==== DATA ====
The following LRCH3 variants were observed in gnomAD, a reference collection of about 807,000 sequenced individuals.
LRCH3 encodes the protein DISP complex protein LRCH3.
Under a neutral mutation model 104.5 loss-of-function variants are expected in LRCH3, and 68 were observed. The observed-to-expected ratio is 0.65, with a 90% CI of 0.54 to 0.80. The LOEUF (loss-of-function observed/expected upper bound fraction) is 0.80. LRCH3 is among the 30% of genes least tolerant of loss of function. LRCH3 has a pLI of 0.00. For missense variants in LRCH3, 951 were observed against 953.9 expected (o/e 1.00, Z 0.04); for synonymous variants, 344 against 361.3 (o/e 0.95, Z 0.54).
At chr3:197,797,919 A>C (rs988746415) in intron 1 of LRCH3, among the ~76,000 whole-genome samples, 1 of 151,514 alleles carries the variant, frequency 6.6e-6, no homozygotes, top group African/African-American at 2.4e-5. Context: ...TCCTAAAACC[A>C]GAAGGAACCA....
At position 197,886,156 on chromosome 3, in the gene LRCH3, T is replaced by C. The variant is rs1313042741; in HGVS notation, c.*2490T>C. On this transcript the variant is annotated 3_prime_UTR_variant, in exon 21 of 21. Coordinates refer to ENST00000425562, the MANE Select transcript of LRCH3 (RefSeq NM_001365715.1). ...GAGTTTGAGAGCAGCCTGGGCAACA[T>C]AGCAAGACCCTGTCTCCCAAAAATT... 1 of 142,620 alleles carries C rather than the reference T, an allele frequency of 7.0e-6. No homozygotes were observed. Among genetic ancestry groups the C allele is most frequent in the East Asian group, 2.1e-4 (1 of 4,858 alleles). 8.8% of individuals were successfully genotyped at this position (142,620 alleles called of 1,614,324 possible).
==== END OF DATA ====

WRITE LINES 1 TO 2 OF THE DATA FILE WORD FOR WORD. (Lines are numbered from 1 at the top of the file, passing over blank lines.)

The following LRCH3 variants were observed in gnomAD, a reference collection of about 807,000 sequenced individuals.
LRCH3 encodes the protein DISP complex protein LRCH3.